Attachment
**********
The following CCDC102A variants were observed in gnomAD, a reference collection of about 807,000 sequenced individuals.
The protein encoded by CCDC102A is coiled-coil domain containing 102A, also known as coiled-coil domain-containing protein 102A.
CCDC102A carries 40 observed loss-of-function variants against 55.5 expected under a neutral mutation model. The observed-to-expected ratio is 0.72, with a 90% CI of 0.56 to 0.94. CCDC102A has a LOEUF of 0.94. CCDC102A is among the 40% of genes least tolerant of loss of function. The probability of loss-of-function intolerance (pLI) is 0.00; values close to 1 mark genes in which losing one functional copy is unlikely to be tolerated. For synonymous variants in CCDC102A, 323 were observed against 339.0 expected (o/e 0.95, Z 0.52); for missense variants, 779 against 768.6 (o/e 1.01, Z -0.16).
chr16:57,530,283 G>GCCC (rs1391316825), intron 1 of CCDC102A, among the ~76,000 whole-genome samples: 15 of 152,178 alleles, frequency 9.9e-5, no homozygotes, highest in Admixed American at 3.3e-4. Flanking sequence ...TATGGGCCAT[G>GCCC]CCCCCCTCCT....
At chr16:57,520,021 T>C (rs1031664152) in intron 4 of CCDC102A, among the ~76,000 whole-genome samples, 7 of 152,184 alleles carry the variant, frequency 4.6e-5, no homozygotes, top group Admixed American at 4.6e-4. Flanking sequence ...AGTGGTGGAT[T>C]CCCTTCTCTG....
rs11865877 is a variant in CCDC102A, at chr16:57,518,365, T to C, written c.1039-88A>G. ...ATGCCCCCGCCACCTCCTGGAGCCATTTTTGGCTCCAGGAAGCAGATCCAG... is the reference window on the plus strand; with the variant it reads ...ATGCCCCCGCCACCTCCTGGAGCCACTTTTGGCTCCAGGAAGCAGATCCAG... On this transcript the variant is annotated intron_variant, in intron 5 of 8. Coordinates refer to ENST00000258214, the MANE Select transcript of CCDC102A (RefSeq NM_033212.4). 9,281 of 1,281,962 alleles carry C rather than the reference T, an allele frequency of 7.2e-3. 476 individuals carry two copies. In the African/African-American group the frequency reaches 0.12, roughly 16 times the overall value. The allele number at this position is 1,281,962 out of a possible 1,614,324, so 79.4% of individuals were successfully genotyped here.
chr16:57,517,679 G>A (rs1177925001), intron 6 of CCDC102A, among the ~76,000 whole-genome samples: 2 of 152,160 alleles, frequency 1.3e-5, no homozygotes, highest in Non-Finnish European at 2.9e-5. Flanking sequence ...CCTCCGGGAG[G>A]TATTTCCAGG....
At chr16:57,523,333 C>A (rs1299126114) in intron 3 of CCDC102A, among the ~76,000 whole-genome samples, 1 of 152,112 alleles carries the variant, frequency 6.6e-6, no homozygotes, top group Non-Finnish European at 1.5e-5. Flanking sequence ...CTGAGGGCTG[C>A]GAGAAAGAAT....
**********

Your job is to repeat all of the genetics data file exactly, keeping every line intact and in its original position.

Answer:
The following CCDC102A variants were observed in gnomAD, a reference collection of about 807,000 sequenced individuals.
The protein encoded by CCDC102A is coiled-coil domain containing 102A, also known as coiled-coil domain-containing protein 102A.
CCDC102A carries 40 observed loss-of-function variants against 55.5 expected under a neutral mutation model. The observed-to-expected ratio is 0.72, with a 90% CI of 0.56 to 0.94. CCDC102A has a LOEUF of 0.94. CCDC102A is among the 40% of genes least tolerant of loss of function. The probability of loss-of-function intolerance (pLI) is 0.00; values close to 1 mark genes in which losing one functional copy is unlikely to be tolerated. For synonymous variants in CCDC102A, 323 were observed against 339.0 expected (o/e 0.95, Z 0.52); for missense variants, 779 against 768.6 (o/e 1.01, Z -0.16).
chr16:57,530,283 G>GCCC (rs1391316825), intron 1 of CCDC102A, among the ~76,000 whole-genome samples: 15 of 152,178 alleles, frequency 9.9e-5, no homozygotes, highest in Admixed American at 3.3e-4. Flanking sequence ...TATGGGCCAT[G>GCCC]CCCCCCTCCT....
At chr16:57,520,021 T>C (rs1031664152) in intron 4 of CCDC102A, among the ~76,000 whole-genome samples, 7 of 152,184 alleles carry the variant, frequency 4.6e-5, no homozygotes, top group Admixed American at 4.6e-4. Flanking sequence ...AGTGGTGGAT[T>C]CCCTTCTCTG....
rs11865877 is a variant in CCDC102A, at chr16:57,518,365, T to C, written c.1039-88A>G. ...ATGCCCCCGCCACCTCCTGGAGCCATTTTTGGCTCCAGGAAGCAGATCCAG... is the reference window on the plus strand; with the variant it reads ...ATGCCCCCGCCACCTCCTGGAGCCACTTTTGGCTCCAGGAAGCAGATCCAG... On this transcript the variant is annotated intron_variant, in intron 5 of 8. Coordinates refer to ENST00000258214, the MANE Select transcript of CCDC102A (RefSeq NM_033212.4). 9,281 of 1,281,962 alleles carry C rather than the reference T, an allele frequency of 7.2e-3. 476 individuals carry two copies. In the African/African-American group the frequency reaches 0.12, roughly 16 times the overall value. The allele number at this position is 1,281,962 out of a possible 1,614,324, so 79.4% of individuals were successfully genotyped here.
chr16:57,517,679 G>A (rs1177925001), intron 6 of CCDC102A, among the ~76,000 whole-genome samples: 2 of 152,160 alleles, frequency 1.3e-5, no homozygotes, highest in Non-Finnish European at 2.9e-5. Flanking sequence ...CCTCCGGGAG[G>A]TATTTCCAGG....
At chr16:57,523,333 C>A (rs1299126114) in intron 3 of CCDC102A, among the ~76,000 whole-genome samples, 1 of 152,112 alleles carries the variant, frequency 6.6e-6, no homozygotes, top group Non-Finnish European at 1.5e-5. Flanking sequence ...CTGAGGGCTG[C>A]GAGAAAGAAT....